View Full Version : Help with newbie sharpening
04-20-2012, 06:00 PM
First off, here's what I've got to work with. Edgepro with 200 & 300 grit stone, ceramic hone that came with Edgepro, Norton 4000 & 8000 combo stone.
I was able to pinch some pennies and I ordered a Fujiwara FKM Stainless 150mm petty. So far my experience has been mixed. I like the feel and weight of it, but the edge was not great when I got it. Also, it seems a little thick. For example, peeling an apple can be hassle because it seems to wedge itself. That's my amatuer review.
That being said, I'm ready to sharpen it and see what kind of edge it will take, but I'm scared of messing up the geometry. I've watched every video that I could find recommended throughout the board. I'm going to try tonight, but I was hoping for any wisdom that could be imparted. Should I expect the two sides to have different angles?
04-20-2012, 06:42 PM
get your black sharpie out, paint just the very edge onboth sides with the sharpie. I'd start with the EP 200 stone, set the angle to ABOVE where the sharpie has painted the edge first (we're gonna start by thinning a bit behind the edge). With a 150mm petty a single stroke should be able to cover from heel to tip, so make 10 passes, flip and do the same on the second side. We're just thinning here. Now re-set the angle to start removing sharpie paint. Try 5 pases with the 300 stone and see if you've raised a burr. You should see that you are removing sharpie. Keep going, 5 passes at a time until you get a burr from heel to tip. Flip the knife over,and do the same on the second side. Once you've raised the burr on the second side I'd flip the knife again, make two passes. Flip the knife and another two passes. Now were just pushing the burr back and forth like a paper clip. I'd do this 3 or 4 times, then drag the edge of the knife thru a cork, or handle of a soft wood spoon, or kitchen towel. Hoepfully with this the burr has been removed. Now, because of the stones you have avalable you have to move to the norton 4k. I'd sharpie the edges again, and since you're new, I'd suggest a trailing edge stropping stroke - lets say 10 passes on one side of the knife checking often to make sure you are removing sharpie black. Flip and do the same on the second side. Now I'd do five storkes on each side,then remove the burr again, and finish with maybe a single pass, then flip, and repeat say five times. now you're done. (I wouldn't bother now with the 8k)
Best advice thru all this is to go slow,and pay attention to whats really going on.
I would probably set the bevel on the 200 or 300, as mikemac suggested and then go the the 4k Norton and focus on doing edge trailing strokes, deburr and see what happens. Do use the sharpie.
04-20-2012, 08:12 PM
Great advice above. Cut into a cork or eraser or something to remove the burr between stones.
Don't think too much about angle numbers--just hit the shoulder to thin it, then hit the edge to sharpen it. Adjust accordingly.
04-21-2012, 01:23 PM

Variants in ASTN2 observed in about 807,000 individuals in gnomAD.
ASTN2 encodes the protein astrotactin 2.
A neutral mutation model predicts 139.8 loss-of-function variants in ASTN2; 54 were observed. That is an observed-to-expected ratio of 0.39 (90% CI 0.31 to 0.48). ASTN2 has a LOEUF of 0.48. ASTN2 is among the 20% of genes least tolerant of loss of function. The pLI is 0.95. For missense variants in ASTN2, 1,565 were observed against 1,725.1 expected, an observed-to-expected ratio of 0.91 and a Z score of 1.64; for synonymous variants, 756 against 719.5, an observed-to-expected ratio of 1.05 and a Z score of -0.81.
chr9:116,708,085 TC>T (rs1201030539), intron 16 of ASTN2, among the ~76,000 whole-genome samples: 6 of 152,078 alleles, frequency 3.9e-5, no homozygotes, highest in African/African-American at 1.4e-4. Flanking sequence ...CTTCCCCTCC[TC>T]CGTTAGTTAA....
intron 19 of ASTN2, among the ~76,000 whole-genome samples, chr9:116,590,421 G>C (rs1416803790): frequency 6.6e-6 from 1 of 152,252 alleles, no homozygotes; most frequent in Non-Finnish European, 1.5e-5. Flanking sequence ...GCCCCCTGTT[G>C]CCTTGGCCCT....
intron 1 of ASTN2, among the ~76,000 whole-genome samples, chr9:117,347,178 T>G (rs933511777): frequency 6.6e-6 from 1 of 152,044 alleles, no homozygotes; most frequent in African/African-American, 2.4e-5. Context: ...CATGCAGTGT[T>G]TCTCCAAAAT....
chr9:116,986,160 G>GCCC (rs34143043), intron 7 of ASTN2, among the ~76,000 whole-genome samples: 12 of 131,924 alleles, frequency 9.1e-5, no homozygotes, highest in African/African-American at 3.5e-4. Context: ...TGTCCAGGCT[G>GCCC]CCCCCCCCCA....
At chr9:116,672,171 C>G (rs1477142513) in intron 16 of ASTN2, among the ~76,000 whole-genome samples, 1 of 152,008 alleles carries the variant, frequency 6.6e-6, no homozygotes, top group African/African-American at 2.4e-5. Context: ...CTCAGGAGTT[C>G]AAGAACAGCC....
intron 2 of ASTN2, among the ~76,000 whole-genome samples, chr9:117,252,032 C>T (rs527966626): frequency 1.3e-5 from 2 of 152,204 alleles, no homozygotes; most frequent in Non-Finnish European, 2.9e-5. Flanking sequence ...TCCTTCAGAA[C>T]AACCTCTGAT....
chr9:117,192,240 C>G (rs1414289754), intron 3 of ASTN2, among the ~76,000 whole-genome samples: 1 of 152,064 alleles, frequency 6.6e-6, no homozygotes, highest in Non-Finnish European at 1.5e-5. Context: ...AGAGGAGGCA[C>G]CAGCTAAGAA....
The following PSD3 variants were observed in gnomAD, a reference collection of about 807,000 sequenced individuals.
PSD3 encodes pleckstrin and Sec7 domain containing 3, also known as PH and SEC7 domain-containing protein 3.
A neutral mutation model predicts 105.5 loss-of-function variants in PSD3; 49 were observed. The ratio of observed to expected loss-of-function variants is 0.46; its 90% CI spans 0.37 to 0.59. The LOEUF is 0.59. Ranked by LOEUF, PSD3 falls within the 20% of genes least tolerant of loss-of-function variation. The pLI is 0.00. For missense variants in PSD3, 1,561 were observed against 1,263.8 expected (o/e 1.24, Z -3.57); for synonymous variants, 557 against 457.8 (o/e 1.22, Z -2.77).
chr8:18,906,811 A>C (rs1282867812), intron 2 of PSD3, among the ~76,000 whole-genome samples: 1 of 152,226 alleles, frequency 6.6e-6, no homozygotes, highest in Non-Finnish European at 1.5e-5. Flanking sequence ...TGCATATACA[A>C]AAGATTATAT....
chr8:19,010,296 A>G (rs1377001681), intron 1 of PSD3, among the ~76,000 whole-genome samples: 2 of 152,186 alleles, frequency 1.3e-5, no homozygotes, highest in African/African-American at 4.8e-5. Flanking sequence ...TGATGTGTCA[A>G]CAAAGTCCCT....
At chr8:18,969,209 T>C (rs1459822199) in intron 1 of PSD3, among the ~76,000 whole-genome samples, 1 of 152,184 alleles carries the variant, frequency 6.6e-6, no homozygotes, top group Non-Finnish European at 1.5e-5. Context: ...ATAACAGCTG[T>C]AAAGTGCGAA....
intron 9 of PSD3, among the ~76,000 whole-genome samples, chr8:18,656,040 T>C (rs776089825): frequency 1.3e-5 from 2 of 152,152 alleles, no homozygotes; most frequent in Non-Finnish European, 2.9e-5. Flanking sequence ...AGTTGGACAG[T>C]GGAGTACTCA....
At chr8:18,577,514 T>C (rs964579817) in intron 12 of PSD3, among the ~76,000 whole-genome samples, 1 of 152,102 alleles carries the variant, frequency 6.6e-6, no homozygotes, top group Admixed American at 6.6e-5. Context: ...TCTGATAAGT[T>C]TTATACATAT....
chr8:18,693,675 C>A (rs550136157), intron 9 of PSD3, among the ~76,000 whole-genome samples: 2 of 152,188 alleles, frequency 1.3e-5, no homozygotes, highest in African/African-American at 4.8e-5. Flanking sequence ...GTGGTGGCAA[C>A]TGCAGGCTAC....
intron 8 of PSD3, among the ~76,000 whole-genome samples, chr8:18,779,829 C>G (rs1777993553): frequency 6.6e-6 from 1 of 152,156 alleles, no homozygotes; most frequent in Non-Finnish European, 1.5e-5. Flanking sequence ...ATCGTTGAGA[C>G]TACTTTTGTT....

1. For a somewhat different approach: www.kitchenknifeforums.com/showthread.php/5656-Asymmetry-–-The-REAL-DEAL
2. For thinning I would suggest to keep the back side as flat as possible, and therefore only remove material from the front side, leaving the back side untouched.
04-21-2012, 06:03 PM
And, even more specific:
04-22-2012, 01:29 AM
It worked! It ain't perfect and I'm sure it could be better, but it shaved my arm hair! Even with pretty severely lapped Edgepro stones and a rank amateur, the tips you guys gave me worked.
I followed the steps layed out by mikemac pretty much to the letter, though I did try to use the 8000 side of the Norton and was unable to raise a burr. But anyway, I tested it on an apple, and while it still feels a little thick for comfortable peeling, it is much improved. I'm going to break down several chickens on Monday so that will be a further test.
04-22-2012, 02:00 AM
Few things are better
04-22-2012, 11:38 AM
congrats, and welcome to "the club"
The 8k/burr thing is one reason I left the 8k out. Especially switching from an EP to freehand, and being a "newbie", we're more likly to mess up our work on the higher grit stones.
04-22-2012, 08:00 PM
I don't think it's a great idea to put a symmetric edge on an asymmetric knife. For future sharpening sharpen only the right side and deburr the left one. Thin the right side only, or you will experience serious wedging issues.
04-23-2012, 12:59 AM
I believe it ended up asymetric. One side was around 15 degrees and the other 18. The 15 also had a much wider bevel than the 18.
I worked on my Miyabi this afternoon and while I'm no expert, I'm almost sure that it was not asymmetrically ground. Both sides were extremely low angles (seemed like 12 degrees or less) but they were symmetrical. Anyway, got it sharp! I even was able to raise a burr with the 8000 grit stone. By far the sharpest knife I've ever produced or worked with.
04-23-2012, 01:14 AM
Sounds like you're starting to get the hang of things. Glad it's working out for you. :doublethumbsup:
04-23-2012, 01:37 AM
Thank you, Adletson!
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